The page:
How to protect yourself from a lawyer’s retaining lien

In my previous blog post, I briefly discussed the little known (at least to clients) retaining lien. That’s because most lawyers don’t tell clients about this. By the time most clients find out about the retaining lien, it is usually too late to do much about it other than bring an action against your former law firm to get your documents back.

Most (but not all) states permit attorneys to refuse to turn over documents or property of the client if the attorney claims that money is owed. An attorney doesn’t actually have to prove that the money is owed, but simply needs to make the claim. (For further information, a detailed law review article on the topic can be found here.) Imagine you have a dispute with an attorney and you decide to obtain different legal counsel. Your new attorney needs the documents to complete the legal task but your former attorney refuses to turn the documents over until you pay fees that you dispute. If you did seek a new attorney, the chances are pretty good that you weren’t happy with the representation that you received and you probably do not believe the attorney deserves to be paid what is claimed. Basically a retaining lien is the law firm’s way of saying to you: “too bad for you that you are unhappy with our work, pay up or else.” 

Usually, if there is a fee dispute with an attorney, this would be resolved through negotiation, litigation or dispute resolution such as arbitration. However, the retaining lien is designed to give attorneys leverage over former clients. Some states even allow attorneys to hold onto documents or property that are not even related to the dispute. Because some states do not permit this and other states have various exceptions, it is not necessarily a black-and-white situation, but there is a big enough gray area in what needs to be turned over by an attorney, and when, that the better approach for clients is to avoid the problem in the first place, at least as far as documents go. Even if you do not think that there is any possibility that the documents you turn over to an attorney may be needed at some future date , the fact is that you will likely need those documents if you ever dispute legal fees or make a claim that the attorney was negligent.

The best way to approach this is to address it prior to retaining a law firm. For example, unless there is a particular reason to provide originals, only give your attorney copies of documents rather than originals, and keep a copy of everything you give the attorney. Even better, scan your documents or have them scanned by a copy place, and provide your attorney with a PDF version of the documents. That way you have a permanent, easy to store copy, and the law firm does not have to scan the documents. Most often you can scan the documents for less than you will be charged to do this by a law firm. You can find this out simply by asking the law firm what it charges to scan, and compare that with the charge from a local copy place. You may even want to consider purchasing a scanner with a sheet feeder and scanning the documents yourself.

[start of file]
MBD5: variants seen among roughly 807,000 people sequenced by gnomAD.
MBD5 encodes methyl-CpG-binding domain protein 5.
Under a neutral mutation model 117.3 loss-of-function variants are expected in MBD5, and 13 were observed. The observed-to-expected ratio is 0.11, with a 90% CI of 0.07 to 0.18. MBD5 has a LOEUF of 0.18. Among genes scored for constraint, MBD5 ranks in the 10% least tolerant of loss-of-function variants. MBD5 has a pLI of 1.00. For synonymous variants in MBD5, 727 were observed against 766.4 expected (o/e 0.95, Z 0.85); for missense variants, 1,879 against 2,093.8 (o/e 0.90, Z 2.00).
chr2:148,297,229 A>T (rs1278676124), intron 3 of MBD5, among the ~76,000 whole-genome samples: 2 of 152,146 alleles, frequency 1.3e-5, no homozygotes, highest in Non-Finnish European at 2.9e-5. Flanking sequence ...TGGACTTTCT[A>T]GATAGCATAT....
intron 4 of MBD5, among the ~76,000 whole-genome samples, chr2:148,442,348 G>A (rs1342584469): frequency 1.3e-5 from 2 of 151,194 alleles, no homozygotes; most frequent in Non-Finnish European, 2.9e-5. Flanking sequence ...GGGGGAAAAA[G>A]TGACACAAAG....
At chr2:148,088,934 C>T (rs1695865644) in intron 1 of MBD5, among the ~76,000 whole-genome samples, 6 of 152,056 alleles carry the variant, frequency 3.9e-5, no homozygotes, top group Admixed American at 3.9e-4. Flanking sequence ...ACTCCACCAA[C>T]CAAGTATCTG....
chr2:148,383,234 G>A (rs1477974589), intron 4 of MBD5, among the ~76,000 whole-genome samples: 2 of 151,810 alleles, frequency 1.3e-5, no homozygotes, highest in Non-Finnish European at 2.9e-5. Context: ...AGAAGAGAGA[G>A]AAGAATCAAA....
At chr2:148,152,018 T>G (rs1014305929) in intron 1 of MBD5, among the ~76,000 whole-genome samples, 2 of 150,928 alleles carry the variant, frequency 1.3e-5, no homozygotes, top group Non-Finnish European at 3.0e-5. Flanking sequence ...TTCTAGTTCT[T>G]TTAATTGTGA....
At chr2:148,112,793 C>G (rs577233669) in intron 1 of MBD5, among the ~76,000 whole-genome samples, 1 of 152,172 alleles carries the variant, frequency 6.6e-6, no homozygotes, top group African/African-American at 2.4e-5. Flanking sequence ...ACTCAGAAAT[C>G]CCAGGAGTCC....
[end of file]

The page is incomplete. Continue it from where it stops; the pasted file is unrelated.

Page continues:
Whether you keep scanned or paper copies of your documents, that only addresses part of the issue. The other part of the issue is that during the course of representation, attorneys are likely to create and to receive numerous documents. The amount and nature of the documents depend on what you’re being represented for, but there will often be email communications between your law firm and others, research, draft documents, as well as final versions of documents. If the case involved litigation, there may be discovery of documents, pleadings, and orders from the court. Prior to retaining a law firm, you may want to find out what its policy is regarding providing copies of documents during the course of representation. Although things have changed dramatically with the advent of computers (making it extremely easy for law firms to provide copies of everything in real time), by doing so a law firm will not be able to use the retention of documents as leverage if there is a future dispute over fees. That may be one reason why many law firms do not automatically copy everything during the course of litigation.

Because it is so easy to provide copies nowadays simply by sending an email, if the law firm you are considering hiring balks at doing this, you may want to find out the reason. If there is some reasonable explanation of why it would be difficult to provide copies of everything during the course of representation as the copies are created, you may also want to consider proposing to the law firm a provision where the law firm waives its right to a retaining lien. If the firm is not going to assure you that you will be getting copies of everything and if the firm refuses to waive its right to a retaining lien, you will then have to decide whether this issue is important enough for you to look elsewhere for legal representation.

Author: Howard Altschuler

(Click here for a brief summary of my other blog posts on various legal malpractice related issues)

(Disclaimer: Please note that nothing in this blog or website is legal advice, and this post does not create an attorney-client relationship. You should always consult with an attorney for any legal malpractice issues, fee dispute, or ethical concerns that you may have. Thanks!) Copyright (c) 2014 by Howard Altschuler, All Rights Reserved